COMMUNICATION: Why you should have important conversations in person
Posted on December 17, 2017
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I feel like social media adds a layer of complexity over everything. Looking at everyone’s perfect lives on Facebook or Instagram can be lethal if you’re feeling down. It’s easy to feel that everyone else has a perfect life: pictures of holidays, sleepy happy babies, new cars, raves about new jobs and wedding pictures abound, which can feel awful if you’re in a bad space. It’s important to remember that social media reflects the highlights reel of a person’s life: your new baby may scream for 23 hours out of 24, but as soon as she falls asleep you take a picture and post it – and everyone thinks your little angel is easy and restful. If you’re feeling bad it’s very easy compare how you FEEL with how other people LOOK, and feel like you come off second. Remember that just because it looks easy through the window of social media, the reality may be completely different. The context is absent.
But I digress. I want to talk about communication today, and how I’ve seen it go all runny several times because of text messaging or emails. I remember from my coaching days the adage that “words are ten percent of communication”: only a small part of your message is contained in your actual albeit carefully chosen words. The rest is unspoken: your tone of voice, your body language, the context around your statements are all important. In person if I ask you how you are and you answer “I’m fine”, I can hear the chirpy reassurance in your voice, or I can hear those same words spoken in anger and resentment, and they carry very different messages.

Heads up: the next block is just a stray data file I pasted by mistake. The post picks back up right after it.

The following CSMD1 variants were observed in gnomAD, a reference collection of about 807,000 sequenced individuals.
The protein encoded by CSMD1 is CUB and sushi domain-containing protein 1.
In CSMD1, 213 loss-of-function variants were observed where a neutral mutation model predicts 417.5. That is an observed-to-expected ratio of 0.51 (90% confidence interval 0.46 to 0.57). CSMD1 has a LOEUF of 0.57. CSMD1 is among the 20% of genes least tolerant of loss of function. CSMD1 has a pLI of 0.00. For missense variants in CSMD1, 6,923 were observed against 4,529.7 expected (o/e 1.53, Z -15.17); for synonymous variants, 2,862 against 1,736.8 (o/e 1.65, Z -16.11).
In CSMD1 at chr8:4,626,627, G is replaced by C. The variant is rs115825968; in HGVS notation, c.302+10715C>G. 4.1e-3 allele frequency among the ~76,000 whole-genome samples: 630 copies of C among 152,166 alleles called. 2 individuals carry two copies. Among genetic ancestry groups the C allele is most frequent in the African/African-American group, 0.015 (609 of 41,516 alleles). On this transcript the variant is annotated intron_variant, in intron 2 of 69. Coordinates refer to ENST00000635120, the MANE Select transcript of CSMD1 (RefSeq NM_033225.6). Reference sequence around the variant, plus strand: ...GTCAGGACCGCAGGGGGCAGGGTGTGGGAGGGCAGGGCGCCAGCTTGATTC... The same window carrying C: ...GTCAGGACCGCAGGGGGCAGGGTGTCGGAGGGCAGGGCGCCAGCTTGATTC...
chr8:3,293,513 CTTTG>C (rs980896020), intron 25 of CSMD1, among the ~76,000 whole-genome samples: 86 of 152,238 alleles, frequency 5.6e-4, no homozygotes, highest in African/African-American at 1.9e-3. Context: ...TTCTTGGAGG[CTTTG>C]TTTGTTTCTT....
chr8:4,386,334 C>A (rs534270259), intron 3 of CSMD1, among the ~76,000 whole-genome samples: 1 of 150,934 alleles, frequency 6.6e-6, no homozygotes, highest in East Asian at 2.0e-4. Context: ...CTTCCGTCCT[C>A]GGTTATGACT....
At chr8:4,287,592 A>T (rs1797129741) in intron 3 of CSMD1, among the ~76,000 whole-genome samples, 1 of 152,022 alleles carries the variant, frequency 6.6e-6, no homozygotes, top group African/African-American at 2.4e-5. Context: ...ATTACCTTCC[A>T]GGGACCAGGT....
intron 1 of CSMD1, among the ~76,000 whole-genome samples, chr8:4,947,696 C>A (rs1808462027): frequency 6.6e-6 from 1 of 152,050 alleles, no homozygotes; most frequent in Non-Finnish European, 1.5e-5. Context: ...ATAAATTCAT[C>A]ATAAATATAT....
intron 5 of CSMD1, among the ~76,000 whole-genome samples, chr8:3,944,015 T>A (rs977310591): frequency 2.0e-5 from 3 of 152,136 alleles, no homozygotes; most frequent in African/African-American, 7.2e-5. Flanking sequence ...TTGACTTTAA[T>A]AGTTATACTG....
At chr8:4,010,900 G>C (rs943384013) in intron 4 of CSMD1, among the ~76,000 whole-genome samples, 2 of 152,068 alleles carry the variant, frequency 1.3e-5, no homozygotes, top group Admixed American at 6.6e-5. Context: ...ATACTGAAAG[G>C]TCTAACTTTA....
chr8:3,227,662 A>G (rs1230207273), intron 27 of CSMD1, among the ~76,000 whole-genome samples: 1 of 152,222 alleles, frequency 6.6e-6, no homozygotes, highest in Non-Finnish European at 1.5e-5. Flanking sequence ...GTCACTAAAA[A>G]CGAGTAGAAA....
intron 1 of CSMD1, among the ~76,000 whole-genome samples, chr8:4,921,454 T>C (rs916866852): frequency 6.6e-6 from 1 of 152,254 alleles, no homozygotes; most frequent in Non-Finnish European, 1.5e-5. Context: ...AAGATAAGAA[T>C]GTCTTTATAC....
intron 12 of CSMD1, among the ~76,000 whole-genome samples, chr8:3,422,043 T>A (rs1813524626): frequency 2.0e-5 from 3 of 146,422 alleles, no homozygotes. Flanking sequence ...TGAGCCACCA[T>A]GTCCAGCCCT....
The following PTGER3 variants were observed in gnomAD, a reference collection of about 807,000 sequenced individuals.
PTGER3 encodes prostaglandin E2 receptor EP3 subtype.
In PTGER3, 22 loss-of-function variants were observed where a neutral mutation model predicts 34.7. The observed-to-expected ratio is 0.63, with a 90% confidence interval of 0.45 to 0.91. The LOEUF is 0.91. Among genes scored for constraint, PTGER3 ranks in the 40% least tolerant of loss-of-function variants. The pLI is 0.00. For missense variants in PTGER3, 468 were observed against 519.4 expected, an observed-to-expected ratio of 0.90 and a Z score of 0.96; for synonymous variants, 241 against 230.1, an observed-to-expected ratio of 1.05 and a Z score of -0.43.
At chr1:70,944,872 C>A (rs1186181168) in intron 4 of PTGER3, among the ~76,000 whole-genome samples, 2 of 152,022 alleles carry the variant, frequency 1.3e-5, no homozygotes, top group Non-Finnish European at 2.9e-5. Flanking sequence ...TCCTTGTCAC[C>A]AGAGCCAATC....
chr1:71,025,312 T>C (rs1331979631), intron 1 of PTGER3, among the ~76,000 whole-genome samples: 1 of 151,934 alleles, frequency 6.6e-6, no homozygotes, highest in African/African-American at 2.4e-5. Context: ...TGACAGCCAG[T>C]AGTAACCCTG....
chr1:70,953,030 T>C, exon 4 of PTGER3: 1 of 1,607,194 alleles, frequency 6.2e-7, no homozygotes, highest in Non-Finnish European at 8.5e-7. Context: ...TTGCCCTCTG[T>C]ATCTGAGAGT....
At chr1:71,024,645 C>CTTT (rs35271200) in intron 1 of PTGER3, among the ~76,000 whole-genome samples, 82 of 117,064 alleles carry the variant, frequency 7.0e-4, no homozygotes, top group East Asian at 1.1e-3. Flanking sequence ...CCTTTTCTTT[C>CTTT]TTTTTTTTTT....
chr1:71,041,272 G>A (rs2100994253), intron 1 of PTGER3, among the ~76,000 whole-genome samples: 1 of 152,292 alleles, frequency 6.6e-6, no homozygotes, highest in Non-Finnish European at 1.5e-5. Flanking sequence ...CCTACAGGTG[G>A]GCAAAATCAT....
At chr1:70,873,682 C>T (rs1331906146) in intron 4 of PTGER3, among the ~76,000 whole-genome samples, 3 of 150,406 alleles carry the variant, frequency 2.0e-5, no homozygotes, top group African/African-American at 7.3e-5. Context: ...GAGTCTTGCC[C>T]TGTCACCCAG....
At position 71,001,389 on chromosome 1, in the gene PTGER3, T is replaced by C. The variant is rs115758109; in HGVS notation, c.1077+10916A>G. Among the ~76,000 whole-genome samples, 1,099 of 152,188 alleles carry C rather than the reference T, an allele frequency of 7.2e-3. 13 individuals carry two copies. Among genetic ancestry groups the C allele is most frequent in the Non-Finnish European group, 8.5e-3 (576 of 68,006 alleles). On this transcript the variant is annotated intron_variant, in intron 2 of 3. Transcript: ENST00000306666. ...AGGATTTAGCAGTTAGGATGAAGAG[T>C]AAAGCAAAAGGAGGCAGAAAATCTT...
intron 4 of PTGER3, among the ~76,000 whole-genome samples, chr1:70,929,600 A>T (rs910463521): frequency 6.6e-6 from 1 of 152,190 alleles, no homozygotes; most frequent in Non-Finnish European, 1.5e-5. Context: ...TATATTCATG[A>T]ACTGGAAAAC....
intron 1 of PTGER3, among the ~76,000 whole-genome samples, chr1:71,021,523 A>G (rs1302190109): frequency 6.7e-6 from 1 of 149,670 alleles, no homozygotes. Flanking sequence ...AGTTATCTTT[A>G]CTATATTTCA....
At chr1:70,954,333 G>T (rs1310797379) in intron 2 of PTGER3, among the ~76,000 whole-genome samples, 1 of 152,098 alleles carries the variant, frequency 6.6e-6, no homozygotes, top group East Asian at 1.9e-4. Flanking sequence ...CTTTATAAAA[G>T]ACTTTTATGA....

When all we have to go on is text, there is vast room for misunderstanding. We project into the email or message the voice tone we imagine the other person may have intended, without any evidence other than the words themselves and our own expectation. If you’re feeling angry and hurt, or guilty, or resentful, you will read this into the blank words. And there will be no room for kindness, for questions, for changing your mind. There is no real dialogue, only a series of monologues, soliloquies in your own head and your own voice using another’s words. What is missing is the other persons point of view, the other persons frame of reference. It’s what a friend of mine calls 2D vs 3D communication. Electronic written communication is flat and inflexible; verbal, face to face communication has depth and room for understanding and a possibility for healing. There is no room for clarity, compassion or healing when the conversation is only in your head.
This is not to say that face to face conversations necessarily end better. But they are absolutely likely to be clearer. Communication is a complex subject and I’m sure I will return to it over and over.
Granted some conversations are easier through the distance created by electronics and written words, and no-one but you can decide how best to communicate your message, but bear in mind the value of a face to face conversation, especially when it’s something important and nuanced.
Author: Joce©Psych in a Box